Given the IS threat, a source in the Kurdistan Regional Government said it had received extra supplies of heavy weaponry from the Baghdad federal government "and other governments" in the past few days, but declined to elaborate.

The semi-autonomous Kurdish region has, until now, been the only part of Iraq to survive the past decade of civil war without a serious security threat.

Its vaunted "peshmerga" fighters - those who "confront death" - also controlled wide stretches of territory outside the autonomous zone, which served as sanctuary for fleeing Christians and other minorities when IS fighters stormed into the region last month.

But the past week saw the peshmerga crumble in the face of the IS advance during which the jihadists used heavy weapons seized from fleeing Iraqi troops.

With alarm bells ringing in Washington, the US Defence Department said two F/A-18 warplanes from an aircraft carrier in the Gulf had dropped laser-guided 500-pound bombs on IS artillery batteries. Other air strikes targeted mortar positions and an IS convoy.

President Obama said the action was needed to halt the jihadists' advance, protect Americans in the region as well as hundreds of thousands of Christians and members of other religious minorities who have fled for their lives. Speaking at a news conference yesterday, he confirmed that the airstrikes have destroyed arms and equipment that IS fighters could have used to attack Erbil, but warned the current operation in Iraq could take some time.

"I don't think we're going to solve this problem in weeks. This is going to be a long-term project," he told reporters before leaving Washington for a two-week holiday in Massachusetts.

Obama said the United States would continue to provide military assistance and advice to the Baghdad government and Kurdish forces.

But he stressed repeatedly the importance of Iraq forming its own inclusive government.

"I think this a wake-up call for a lot of Iraqis inside of Baghdad recognising that we're going to have to rethink how we do business if we're going to hold our country together," Obama said.

On Thursday, the president authorised the US military to make airdrops of humanitarian assistance to prevent what he called a potential "genocide" of the ancient Yazidi religious sect in Iraq.

Yesterday, US and British military aircraft continued to drop relief supplies to members of the ancient sect, tens of thousands of whom have collected on a desert mountaintop seeking shelter from the jihadists who had ordered them to convert or die. Many have already died of thirst or exposure.

Basim Karim, one of a tiny number of Yazidis who have settled in the United States and who is from Sinjar, spoke recently to Foreign Policy magazine of what had happened to his family.

" They woke up one day to find the Kurdish peshmerga, who once protected their village, gone and the Islamic State in their place.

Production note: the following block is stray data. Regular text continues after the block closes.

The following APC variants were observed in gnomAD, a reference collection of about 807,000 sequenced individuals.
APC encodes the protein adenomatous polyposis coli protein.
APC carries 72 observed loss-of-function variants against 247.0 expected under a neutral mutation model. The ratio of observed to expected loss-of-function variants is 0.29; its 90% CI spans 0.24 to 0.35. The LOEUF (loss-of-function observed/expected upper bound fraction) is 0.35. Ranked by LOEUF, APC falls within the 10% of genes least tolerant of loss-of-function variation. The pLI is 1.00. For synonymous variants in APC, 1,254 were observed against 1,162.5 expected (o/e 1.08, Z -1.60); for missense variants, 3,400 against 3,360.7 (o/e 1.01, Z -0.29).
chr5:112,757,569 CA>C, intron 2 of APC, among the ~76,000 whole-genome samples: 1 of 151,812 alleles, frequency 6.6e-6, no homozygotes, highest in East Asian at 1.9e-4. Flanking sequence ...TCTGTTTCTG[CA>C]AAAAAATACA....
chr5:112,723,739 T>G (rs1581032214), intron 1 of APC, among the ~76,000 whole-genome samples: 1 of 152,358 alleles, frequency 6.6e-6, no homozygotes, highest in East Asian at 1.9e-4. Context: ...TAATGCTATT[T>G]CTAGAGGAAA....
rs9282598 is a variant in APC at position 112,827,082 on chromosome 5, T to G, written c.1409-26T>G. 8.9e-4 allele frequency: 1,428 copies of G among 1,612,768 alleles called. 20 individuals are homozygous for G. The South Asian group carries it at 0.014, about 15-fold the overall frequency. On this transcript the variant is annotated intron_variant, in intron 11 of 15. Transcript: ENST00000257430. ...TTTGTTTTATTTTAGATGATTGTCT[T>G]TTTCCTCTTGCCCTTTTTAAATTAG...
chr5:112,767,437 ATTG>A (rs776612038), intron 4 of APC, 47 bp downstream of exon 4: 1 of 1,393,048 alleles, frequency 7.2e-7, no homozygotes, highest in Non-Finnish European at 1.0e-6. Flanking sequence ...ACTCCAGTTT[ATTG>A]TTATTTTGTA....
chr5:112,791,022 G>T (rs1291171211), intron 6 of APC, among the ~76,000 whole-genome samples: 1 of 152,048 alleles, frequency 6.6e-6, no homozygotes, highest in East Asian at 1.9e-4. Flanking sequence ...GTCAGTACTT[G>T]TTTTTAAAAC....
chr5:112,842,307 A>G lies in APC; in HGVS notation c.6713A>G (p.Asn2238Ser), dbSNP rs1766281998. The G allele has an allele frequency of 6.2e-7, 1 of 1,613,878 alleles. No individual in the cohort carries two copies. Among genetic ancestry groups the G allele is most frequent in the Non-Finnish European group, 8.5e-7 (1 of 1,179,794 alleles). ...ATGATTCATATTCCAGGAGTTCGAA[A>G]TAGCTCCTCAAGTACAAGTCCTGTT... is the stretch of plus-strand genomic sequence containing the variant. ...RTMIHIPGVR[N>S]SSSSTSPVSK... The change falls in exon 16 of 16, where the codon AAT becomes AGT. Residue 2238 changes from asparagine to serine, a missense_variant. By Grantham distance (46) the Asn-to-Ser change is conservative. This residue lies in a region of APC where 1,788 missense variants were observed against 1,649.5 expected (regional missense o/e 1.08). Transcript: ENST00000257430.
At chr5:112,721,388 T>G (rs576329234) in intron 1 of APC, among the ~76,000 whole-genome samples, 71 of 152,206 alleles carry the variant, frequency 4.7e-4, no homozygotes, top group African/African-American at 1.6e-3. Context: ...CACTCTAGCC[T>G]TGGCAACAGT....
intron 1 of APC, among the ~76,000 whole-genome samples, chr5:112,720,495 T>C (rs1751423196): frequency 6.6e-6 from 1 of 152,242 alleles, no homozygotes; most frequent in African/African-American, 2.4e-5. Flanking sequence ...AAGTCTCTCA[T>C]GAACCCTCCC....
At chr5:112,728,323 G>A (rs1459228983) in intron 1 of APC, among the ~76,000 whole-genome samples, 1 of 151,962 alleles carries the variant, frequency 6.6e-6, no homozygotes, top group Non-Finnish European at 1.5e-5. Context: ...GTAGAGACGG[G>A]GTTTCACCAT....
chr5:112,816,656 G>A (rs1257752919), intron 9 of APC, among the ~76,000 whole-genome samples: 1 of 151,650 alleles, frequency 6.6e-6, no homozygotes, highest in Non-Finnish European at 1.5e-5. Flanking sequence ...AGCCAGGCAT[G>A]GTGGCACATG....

"They saw dogs dragging around human body parts in the towns before they fled, and there were surely at least 1000 corpses".

Yesterday, a UN relief spokesman said some 200,000 people fleeing the jihadists' advance had reached the town of Dohuk on the Tigris River in Iraqi Kurdistan. Tens of thousands had fled further north to the Turkish border.

Obama also confirmed yesterday that the US is considering with its allies creating a safe humanitarian corridor for the Yazidis to leave the area around Mount Sinjar.

This suggestion was a cause for concern in some US political quarters which believe that such an operation is not possible without "boots on the ground" and that the deployment of any American troops could result in "mission creep".

For now the White House continues to claim there are no military options, only political ones.

"My expectation would be that they wouldn't start an offensive action that didn't have a clear end state," said Jon Alterman, a senior vice-president at the Centre for Strategic and International Studies in Washington.

Alterman believes that despite IS's brutality, the group would not go so far as to provoke a full confrontation with the US military. Sceptics, however, say we have been here before and that the spiralling crises gripping the Middle East could easily draw in a larger scale military intervention by the US and its allies.

The question now is whether the US can stand back while IS creates what is effectively a proto-state on the ungoverned territory straddling the borderlands between Syria and Iraq.

"This is a new, more dangerous strategy since 2011," says Hassan Abu Haniyeh, a Jordanian expert on jihadist movements summing up the crisis in an interview with The Economist magazine.

"If IS manages to hold onto its turf in Iraq, it will control an area the size of Jordan with roughly the same population [some six million], stretching 500km from the countryside east of Aleppo in Syria into western Iraq."

President Obama may be heading for his two week holiday in Massachusetts, but the relentless advance of the IS is sure to weigh heavily on his mind throughout his break and beyond.